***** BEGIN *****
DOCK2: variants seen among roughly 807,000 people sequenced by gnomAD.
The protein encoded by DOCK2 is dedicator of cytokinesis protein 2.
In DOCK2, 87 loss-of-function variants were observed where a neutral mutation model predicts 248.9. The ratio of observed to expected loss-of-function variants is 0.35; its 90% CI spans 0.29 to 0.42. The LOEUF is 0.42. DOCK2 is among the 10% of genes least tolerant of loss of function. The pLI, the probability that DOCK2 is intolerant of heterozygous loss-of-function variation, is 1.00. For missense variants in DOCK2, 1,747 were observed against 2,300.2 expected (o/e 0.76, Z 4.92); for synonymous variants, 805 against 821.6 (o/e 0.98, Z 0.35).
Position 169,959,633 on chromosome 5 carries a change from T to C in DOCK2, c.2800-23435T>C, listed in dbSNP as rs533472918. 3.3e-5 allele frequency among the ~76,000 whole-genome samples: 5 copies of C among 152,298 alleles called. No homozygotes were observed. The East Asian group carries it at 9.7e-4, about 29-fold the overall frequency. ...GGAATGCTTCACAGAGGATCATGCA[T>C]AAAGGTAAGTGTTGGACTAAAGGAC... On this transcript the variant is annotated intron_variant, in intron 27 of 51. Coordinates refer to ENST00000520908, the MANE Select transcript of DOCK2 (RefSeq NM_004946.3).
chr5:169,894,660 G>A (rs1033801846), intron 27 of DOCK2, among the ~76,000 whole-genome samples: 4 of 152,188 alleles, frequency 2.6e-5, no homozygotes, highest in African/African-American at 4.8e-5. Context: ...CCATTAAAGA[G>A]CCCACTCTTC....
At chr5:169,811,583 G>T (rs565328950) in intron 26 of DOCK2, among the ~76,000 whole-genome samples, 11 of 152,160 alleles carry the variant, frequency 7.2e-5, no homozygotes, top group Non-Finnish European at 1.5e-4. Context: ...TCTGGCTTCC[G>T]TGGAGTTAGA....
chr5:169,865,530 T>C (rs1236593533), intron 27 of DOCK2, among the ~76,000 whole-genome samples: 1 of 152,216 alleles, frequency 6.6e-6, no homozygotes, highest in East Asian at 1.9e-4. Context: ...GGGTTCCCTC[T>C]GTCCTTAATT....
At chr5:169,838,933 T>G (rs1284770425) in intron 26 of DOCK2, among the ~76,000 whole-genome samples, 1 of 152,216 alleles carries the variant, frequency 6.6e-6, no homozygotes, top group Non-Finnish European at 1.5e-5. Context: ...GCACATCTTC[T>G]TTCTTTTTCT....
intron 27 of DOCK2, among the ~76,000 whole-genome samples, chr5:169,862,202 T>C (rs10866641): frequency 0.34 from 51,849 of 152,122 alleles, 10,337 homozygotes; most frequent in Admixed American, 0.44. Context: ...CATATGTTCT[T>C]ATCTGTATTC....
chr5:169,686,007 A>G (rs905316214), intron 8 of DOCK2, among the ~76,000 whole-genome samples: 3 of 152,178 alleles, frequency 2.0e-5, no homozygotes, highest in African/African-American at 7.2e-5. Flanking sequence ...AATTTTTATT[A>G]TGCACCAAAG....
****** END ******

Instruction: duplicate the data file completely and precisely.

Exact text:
DOCK2: variants seen among roughly 807,000 people sequenced by gnomAD.
The protein encoded by DOCK2 is dedicator of cytokinesis protein 2.
In DOCK2, 87 loss-of-function variants were observed where a neutral mutation model predicts 248.9. The ratio of observed to expected loss-of-function variants is 0.35; its 90% CI spans 0.29 to 0.42. The LOEUF is 0.42. DOCK2 is among the 10% of genes least tolerant of loss of function. The pLI, the probability that DOCK2 is intolerant of heterozygous loss-of-function variation, is 1.00. For missense variants in DOCK2, 1,747 were observed against 2,300.2 expected (o/e 0.76, Z 4.92); for synonymous variants, 805 against 821.6 (o/e 0.98, Z 0.35).
Position 169,959,633 on chromosome 5 carries a change from T to C in DOCK2, c.2800-23435T>C, listed in dbSNP as rs533472918. 3.3e-5 allele frequency among the ~76,000 whole-genome samples: 5 copies of C among 152,298 alleles called. No homozygotes were observed. The East Asian group carries it at 9.7e-4, about 29-fold the overall frequency. ...GGAATGCTTCACAGAGGATCATGCA[T>C]AAAGGTAAGTGTTGGACTAAAGGAC... On this transcript the variant is annotated intron_variant, in intron 27 of 51. Coordinates refer to ENST00000520908, the MANE Select transcript of DOCK2 (RefSeq NM_004946.3).
chr5:169,894,660 G>A (rs1033801846), intron 27 of DOCK2, among the ~76,000 whole-genome samples: 4 of 152,188 alleles, frequency 2.6e-5, no homozygotes, highest in African/African-American at 4.8e-5. Context: ...CCATTAAAGA[G>A]CCCACTCTTC....
At chr5:169,811,583 G>T (rs565328950) in intron 26 of DOCK2, among the ~76,000 whole-genome samples, 11 of 152,160 alleles carry the variant, frequency 7.2e-5, no homozygotes, top group Non-Finnish European at 1.5e-4. Context: ...TCTGGCTTCC[G>T]TGGAGTTAGA....
chr5:169,865,530 T>C (rs1236593533), intron 27 of DOCK2, among the ~76,000 whole-genome samples: 1 of 152,216 alleles, frequency 6.6e-6, no homozygotes, highest in East Asian at 1.9e-4. Context: ...GGGTTCCCTC[T>C]GTCCTTAATT....
At chr5:169,838,933 T>G (rs1284770425) in intron 26 of DOCK2, among the ~76,000 whole-genome samples, 1 of 152,216 alleles carries the variant, frequency 6.6e-6, no homozygotes, top group Non-Finnish European at 1.5e-5. Context: ...GCACATCTTC[T>G]TTCTTTTTCT....
intron 27 of DOCK2, among the ~76,000 whole-genome samples, chr5:169,862,202 T>C (rs10866641): frequency 0.34 from 51,849 of 152,122 alleles, 10,337 homozygotes; most frequent in Admixed American, 0.44. Context: ...CATATGTTCT[T>C]ATCTGTATTC....
chr5:169,686,007 A>G (rs905316214), intron 8 of DOCK2, among the ~76,000 whole-genome samples: 3 of 152,178 alleles, frequency 2.0e-5, no homozygotes, highest in African/African-American at 7.2e-5. Flanking sequence ...AATTTTTATT[A>G]TGCACCAAAG....